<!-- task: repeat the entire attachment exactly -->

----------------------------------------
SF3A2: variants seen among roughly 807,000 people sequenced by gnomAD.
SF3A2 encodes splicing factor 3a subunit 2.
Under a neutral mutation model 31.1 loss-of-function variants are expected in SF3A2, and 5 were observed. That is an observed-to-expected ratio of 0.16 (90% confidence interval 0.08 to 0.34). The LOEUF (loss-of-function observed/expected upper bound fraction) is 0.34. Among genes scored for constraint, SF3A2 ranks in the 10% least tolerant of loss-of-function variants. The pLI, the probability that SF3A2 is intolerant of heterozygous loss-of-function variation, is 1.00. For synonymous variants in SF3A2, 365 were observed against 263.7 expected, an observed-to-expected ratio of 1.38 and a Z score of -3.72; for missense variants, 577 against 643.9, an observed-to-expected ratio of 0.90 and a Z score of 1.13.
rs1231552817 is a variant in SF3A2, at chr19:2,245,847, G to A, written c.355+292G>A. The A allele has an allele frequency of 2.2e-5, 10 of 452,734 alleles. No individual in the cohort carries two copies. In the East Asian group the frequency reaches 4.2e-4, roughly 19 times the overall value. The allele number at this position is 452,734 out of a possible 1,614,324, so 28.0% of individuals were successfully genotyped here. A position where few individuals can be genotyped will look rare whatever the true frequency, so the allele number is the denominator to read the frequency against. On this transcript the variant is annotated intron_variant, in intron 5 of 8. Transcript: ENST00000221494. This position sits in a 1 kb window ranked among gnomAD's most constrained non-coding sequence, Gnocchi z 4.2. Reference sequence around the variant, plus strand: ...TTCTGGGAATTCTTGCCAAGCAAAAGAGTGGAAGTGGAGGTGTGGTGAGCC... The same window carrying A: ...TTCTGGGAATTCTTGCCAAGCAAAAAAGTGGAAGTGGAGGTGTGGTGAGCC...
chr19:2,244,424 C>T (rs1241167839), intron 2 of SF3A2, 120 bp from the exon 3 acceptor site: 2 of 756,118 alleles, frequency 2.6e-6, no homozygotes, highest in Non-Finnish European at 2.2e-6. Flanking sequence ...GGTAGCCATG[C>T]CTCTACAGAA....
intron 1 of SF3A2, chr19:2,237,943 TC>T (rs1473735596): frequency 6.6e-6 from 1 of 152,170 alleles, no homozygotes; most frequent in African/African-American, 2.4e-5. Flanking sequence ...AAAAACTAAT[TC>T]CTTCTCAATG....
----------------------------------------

SF3A2: variants seen among roughly 807,000 people sequenced by gnomAD.
SF3A2 encodes splicing factor 3a subunit 2.
Under a neutral mutation model 31.1 loss-of-function variants are expected in SF3A2, and 5 were observed. That is an observed-to-expected ratio of 0.16 (90% confidence interval 0.08 to 0.34). The LOEUF (loss-of-function observed/expected upper bound fraction) is 0.34. Among genes scored for constraint, SF3A2 ranks in the 10% least tolerant of loss-of-function variants. The pLI, the probability that SF3A2 is intolerant of heterozygous loss-of-function variation, is 1.00. For synonymous variants in SF3A2, 365 were observed against 263.7 expected, an observed-to-expected ratio of 1.38 and a Z score of -3.72; for missense variants, 577 against 643.9, an observed-to-expected ratio of 0.90 and a Z score of 1.13.
rs1231552817 is a variant in SF3A2, at chr19:2,245,847, G to A, written c.355+292G>A. The A allele has an allele frequency of 2.2e-5, 10 of 452,734 alleles. No individual in the cohort carries two copies. In the East Asian group the frequency reaches 4.2e-4, roughly 19 times the overall value. The allele number at this position is 452,734 out of a possible 1,614,324, so 28.0% of individuals were successfully genotyped here. A position where few individuals can be genotyped will look rare whatever the true frequency, so the allele number is the denominator to read the frequency against. On this transcript the variant is annotated intron_variant, in intron 5 of 8. Transcript: ENST00000221494. This position sits in a 1 kb window ranked among gnomAD's most constrained non-coding sequence, Gnocchi z 4.2. Reference sequence around the variant, plus strand: ...TTCTGGGAATTCTTGCCAAGCAAAAGAGTGGAAGTGGAGGTGTGGTGAGCC... The same window carrying A: ...TTCTGGGAATTCTTGCCAAGCAAAAAAGTGGAAGTGGAGGTGTGGTGAGCC...
chr19:2,244,424 C>T (rs1241167839), intron 2 of SF3A2, 120 bp from the exon 3 acceptor site: 2 of 756,118 alleles, frequency 2.6e-6, no homozygotes, highest in Non-Finnish European at 2.2e-6. Flanking sequence ...GGTAGCCATG[C>T]CTCTACAGAA....
intron 1 of SF3A2, chr19:2,237,943 TC>T (rs1473735596): frequency 6.6e-6 from 1 of 152,170 alleles, no homozygotes; most frequent in African/African-American, 2.4e-5. Flanking sequence ...AAAAACTAAT[TC>T]CTTCTCAATG....